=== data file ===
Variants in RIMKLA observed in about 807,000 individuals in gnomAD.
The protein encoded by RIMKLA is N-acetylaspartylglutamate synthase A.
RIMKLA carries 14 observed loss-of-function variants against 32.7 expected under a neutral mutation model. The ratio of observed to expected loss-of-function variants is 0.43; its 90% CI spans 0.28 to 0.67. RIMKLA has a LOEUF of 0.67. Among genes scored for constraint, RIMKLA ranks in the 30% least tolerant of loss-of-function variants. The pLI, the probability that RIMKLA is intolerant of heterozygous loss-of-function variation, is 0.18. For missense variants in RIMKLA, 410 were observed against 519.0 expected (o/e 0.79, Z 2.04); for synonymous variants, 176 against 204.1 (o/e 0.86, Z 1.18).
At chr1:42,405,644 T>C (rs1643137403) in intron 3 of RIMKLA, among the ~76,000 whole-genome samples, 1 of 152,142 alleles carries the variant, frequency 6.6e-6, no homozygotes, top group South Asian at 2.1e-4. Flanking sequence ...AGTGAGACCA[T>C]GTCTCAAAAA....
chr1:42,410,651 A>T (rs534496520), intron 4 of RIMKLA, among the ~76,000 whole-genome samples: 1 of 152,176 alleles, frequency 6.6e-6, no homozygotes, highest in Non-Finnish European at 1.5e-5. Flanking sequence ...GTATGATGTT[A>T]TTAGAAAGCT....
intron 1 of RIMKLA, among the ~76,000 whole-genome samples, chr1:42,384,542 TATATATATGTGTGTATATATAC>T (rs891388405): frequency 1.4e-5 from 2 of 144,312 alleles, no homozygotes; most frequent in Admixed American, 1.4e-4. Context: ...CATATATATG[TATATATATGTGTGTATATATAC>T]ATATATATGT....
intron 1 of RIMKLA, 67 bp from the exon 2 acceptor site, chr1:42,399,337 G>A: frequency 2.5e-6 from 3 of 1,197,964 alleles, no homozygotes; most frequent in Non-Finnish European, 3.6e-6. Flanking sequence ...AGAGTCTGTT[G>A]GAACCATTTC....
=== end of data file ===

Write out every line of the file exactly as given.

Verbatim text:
Variants in RIMKLA observed in about 807,000 individuals in gnomAD.
The protein encoded by RIMKLA is N-acetylaspartylglutamate synthase A.
RIMKLA carries 14 observed loss-of-function variants against 32.7 expected under a neutral mutation model. The ratio of observed to expected loss-of-function variants is 0.43; its 90% CI spans 0.28 to 0.67. RIMKLA has a LOEUF of 0.67. Among genes scored for constraint, RIMKLA ranks in the 30% least tolerant of loss-of-function variants. The pLI, the probability that RIMKLA is intolerant of heterozygous loss-of-function variation, is 0.18. For missense variants in RIMKLA, 410 were observed against 519.0 expected (o/e 0.79, Z 2.04); for synonymous variants, 176 against 204.1 (o/e 0.86, Z 1.18).
At chr1:42,405,644 T>C (rs1643137403) in intron 3 of RIMKLA, among the ~76,000 whole-genome samples, 1 of 152,142 alleles carries the variant, frequency 6.6e-6, no homozygotes, top group South Asian at 2.1e-4. Flanking sequence ...AGTGAGACCA[T>C]GTCTCAAAAA....
chr1:42,410,651 A>T (rs534496520), intron 4 of RIMKLA, among the ~76,000 whole-genome samples: 1 of 152,176 alleles, frequency 6.6e-6, no homozygotes, highest in Non-Finnish European at 1.5e-5. Flanking sequence ...GTATGATGTT[A>T]TTAGAAAGCT....
intron 1 of RIMKLA, among the ~76,000 whole-genome samples, chr1:42,384,542 TATATATATGTGTGTATATATAC>T (rs891388405): frequency 1.4e-5 from 2 of 144,312 alleles, no homozygotes; most frequent in Admixed American, 1.4e-4. Context: ...CATATATATG[TATATATATGTGTGTATATATAC>T]ATATATATGT....
intron 1 of RIMKLA, 67 bp from the exon 2 acceptor site, chr1:42,399,337 G>A: frequency 2.5e-6 from 3 of 1,197,964 alleles, no homozygotes; most frequent in Non-Finnish European, 3.6e-6. Flanking sequence ...AGAGTCTGTT[G>A]GAACCATTTC....